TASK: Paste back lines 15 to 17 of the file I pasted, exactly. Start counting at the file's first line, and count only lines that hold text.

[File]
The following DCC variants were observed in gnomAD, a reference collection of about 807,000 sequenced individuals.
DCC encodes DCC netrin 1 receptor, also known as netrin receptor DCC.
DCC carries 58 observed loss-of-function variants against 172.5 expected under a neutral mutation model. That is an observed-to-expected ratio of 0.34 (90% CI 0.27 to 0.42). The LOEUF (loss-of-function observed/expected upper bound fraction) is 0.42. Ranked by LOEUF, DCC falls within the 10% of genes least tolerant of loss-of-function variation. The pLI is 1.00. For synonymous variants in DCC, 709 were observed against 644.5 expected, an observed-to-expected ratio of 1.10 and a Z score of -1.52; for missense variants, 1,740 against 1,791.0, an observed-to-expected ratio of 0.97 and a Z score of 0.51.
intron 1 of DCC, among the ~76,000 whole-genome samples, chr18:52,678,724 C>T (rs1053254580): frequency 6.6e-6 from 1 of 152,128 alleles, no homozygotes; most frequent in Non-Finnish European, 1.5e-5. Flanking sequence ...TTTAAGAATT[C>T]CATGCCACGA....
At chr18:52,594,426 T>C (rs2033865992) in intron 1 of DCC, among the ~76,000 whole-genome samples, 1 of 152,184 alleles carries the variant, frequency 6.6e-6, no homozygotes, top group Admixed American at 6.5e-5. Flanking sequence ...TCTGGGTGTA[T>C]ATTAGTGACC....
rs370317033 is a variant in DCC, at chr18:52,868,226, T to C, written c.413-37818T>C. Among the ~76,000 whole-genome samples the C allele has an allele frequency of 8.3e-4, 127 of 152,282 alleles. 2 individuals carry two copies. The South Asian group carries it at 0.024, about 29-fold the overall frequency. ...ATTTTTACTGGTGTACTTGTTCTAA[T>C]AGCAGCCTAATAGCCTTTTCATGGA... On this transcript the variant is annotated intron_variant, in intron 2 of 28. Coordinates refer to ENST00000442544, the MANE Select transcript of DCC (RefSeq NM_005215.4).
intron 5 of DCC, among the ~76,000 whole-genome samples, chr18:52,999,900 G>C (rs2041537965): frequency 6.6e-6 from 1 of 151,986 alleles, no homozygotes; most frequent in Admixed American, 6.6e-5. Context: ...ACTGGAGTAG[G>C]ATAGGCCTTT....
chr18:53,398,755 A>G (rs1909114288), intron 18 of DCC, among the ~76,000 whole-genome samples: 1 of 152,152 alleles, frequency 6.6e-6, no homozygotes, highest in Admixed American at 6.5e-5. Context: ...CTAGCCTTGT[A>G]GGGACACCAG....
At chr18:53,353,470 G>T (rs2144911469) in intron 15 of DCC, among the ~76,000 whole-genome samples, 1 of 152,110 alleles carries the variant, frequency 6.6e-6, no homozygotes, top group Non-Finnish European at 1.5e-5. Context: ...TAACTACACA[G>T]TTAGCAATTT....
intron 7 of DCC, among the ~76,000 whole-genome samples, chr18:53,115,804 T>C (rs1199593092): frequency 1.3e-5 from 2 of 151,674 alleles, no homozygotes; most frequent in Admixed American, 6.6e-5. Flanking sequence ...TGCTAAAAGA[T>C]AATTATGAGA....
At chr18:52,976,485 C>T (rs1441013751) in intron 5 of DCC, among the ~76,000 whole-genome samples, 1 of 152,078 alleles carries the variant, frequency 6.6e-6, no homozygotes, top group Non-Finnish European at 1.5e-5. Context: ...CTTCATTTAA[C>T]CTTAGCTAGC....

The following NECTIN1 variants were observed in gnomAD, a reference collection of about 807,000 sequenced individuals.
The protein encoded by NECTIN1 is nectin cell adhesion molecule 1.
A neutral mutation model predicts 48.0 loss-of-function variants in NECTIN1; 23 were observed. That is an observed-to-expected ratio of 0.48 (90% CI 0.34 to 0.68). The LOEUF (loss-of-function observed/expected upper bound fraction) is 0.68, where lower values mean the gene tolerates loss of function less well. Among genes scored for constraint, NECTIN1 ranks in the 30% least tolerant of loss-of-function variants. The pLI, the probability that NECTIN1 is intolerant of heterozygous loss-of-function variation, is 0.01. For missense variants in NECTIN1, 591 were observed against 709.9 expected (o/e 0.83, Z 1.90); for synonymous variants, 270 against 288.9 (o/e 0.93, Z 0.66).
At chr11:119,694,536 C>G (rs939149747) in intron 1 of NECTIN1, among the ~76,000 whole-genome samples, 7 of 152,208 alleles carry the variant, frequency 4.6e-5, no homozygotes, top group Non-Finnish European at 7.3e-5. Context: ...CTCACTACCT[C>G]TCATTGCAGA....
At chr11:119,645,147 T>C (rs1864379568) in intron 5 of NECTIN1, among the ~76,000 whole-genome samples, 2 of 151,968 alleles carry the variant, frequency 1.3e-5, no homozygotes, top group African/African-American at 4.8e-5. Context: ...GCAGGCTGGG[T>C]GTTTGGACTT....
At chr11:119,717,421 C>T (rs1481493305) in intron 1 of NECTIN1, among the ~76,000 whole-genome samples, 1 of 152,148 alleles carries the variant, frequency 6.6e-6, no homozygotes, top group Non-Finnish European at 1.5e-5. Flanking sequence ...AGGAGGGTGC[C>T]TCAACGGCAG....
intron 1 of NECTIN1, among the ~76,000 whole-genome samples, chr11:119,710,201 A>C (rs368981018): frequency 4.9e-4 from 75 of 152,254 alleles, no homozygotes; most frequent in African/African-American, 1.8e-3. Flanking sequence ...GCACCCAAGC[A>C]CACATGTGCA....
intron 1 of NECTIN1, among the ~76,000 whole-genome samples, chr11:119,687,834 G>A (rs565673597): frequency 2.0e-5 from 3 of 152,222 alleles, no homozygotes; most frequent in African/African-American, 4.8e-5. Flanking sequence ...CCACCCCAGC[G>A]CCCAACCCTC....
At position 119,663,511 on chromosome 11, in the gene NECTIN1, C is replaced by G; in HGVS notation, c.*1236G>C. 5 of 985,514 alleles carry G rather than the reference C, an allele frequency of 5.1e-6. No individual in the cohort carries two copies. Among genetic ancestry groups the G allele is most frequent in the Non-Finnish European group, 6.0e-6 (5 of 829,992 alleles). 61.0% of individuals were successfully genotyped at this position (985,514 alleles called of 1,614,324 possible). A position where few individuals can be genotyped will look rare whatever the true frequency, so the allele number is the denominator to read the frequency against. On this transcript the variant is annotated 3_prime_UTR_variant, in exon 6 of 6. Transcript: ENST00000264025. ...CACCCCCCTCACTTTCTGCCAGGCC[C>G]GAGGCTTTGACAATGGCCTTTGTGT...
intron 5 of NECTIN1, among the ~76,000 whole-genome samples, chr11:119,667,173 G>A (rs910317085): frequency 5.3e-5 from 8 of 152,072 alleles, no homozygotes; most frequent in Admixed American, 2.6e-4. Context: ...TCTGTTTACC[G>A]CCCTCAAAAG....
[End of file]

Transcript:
At chr11:119,694,536 C>G (rs939149747) in intron 1 of NECTIN1, among the ~76,000 whole-genome samples, 7 of 152,208 alleles carry the variant, frequency 4.6e-5, no homozygotes, top group Non-Finnish European at 7.3e-5. Context: ...CTCACTACCT[C>G]TCATTGCAGA....
At chr11:119,645,147 T>C (rs1864379568) in intron 5 of NECTIN1, among the ~76,000 whole-genome samples, 2 of 151,968 alleles carry the variant, frequency 1.3e-5, no homozygotes, top group African/African-American at 4.8e-5. Context: ...GCAGGCTGGG[T>C]GTTTGGACTT....
At chr11:119,717,421 C>T (rs1481493305) in intron 1 of NECTIN1, among the ~76,000 whole-genome samples, 1 of 152,148 alleles carries the variant, frequency 6.6e-6, no homozygotes, top group Non-Finnish European at 1.5e-5. Flanking sequence ...AGGAGGGTGC[C>T]TCAACGGCAG....